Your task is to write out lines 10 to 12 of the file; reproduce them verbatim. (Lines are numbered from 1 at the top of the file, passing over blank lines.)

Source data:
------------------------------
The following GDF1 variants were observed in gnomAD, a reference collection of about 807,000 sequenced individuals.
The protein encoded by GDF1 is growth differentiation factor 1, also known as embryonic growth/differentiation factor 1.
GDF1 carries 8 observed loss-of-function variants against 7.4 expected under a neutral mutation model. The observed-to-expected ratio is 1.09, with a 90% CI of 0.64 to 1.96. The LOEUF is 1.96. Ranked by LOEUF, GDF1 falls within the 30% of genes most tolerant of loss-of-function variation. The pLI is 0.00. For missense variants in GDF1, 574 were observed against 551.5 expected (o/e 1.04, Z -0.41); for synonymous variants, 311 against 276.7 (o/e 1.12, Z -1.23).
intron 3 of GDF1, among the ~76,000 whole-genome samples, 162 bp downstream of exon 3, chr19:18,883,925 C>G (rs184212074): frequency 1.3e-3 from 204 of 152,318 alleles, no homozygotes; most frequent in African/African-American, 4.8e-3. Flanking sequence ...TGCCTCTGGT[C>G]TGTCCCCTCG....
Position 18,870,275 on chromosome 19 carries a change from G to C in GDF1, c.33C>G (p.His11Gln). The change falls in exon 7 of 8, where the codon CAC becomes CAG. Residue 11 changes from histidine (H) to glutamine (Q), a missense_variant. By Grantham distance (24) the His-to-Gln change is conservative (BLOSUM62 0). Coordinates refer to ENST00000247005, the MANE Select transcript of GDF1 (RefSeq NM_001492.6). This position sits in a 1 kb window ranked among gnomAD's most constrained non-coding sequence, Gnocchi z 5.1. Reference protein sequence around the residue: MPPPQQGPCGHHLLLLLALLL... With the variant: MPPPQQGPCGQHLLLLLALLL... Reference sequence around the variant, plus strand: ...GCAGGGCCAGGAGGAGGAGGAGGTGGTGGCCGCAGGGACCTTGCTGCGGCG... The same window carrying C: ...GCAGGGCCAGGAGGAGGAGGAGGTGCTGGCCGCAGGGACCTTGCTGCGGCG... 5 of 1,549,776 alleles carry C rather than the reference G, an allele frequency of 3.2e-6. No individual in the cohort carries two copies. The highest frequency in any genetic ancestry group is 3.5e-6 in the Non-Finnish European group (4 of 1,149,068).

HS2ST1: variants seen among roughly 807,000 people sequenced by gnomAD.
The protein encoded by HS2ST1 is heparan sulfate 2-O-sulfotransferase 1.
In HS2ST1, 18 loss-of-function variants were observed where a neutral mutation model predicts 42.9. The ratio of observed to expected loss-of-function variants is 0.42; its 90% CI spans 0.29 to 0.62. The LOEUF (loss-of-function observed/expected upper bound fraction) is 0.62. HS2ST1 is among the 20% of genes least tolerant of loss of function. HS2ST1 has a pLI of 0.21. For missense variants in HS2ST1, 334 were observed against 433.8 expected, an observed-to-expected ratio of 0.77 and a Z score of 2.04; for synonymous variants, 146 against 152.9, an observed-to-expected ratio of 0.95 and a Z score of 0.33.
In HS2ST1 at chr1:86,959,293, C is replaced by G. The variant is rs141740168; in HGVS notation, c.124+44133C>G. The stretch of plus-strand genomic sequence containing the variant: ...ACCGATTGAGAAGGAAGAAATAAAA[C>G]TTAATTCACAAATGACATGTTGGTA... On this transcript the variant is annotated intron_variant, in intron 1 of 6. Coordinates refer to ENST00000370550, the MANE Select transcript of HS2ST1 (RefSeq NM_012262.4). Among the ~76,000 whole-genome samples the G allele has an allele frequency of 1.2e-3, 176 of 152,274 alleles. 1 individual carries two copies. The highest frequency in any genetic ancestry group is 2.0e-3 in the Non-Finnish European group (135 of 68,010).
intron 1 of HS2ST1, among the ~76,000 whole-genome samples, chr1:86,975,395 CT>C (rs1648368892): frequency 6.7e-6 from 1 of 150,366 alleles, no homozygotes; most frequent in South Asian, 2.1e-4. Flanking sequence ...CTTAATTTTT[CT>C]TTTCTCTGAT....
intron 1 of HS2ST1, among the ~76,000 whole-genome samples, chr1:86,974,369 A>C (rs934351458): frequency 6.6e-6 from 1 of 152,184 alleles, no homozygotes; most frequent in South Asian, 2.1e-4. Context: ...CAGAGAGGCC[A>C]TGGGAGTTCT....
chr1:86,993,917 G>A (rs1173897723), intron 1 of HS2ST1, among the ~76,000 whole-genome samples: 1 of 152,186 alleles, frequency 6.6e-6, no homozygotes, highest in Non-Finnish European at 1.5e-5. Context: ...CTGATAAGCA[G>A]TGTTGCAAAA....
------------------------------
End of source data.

intron 1 of HS2ST1, among the ~76,000 whole-genome samples, chr1:86,975,395 CT>C (rs1648368892): frequency 6.7e-6 from 1 of 150,366 alleles, no homozygotes; most frequent in South Asian, 2.1e-4. Flanking sequence ...CTTAATTTTT[CT>C]TTTCTCTGAT....
intron 1 of HS2ST1, among the ~76,000 whole-genome samples, chr1:86,974,369 A>C (rs934351458): frequency 6.6e-6 from 1 of 152,184 alleles, no homozygotes; most frequent in South Asian, 2.1e-4. Context: ...CAGAGAGGCC[A>C]TGGGAGTTCT....
chr1:86,993,917 G>A (rs1173897723), intron 1 of HS2ST1, among the ~76,000 whole-genome samples: 1 of 152,186 alleles, frequency 6.6e-6, no homozygotes, highest in Non-Finnish European at 1.5e-5. Context: ...CTGATAAGCA[G>A]TGTTGCAAAA....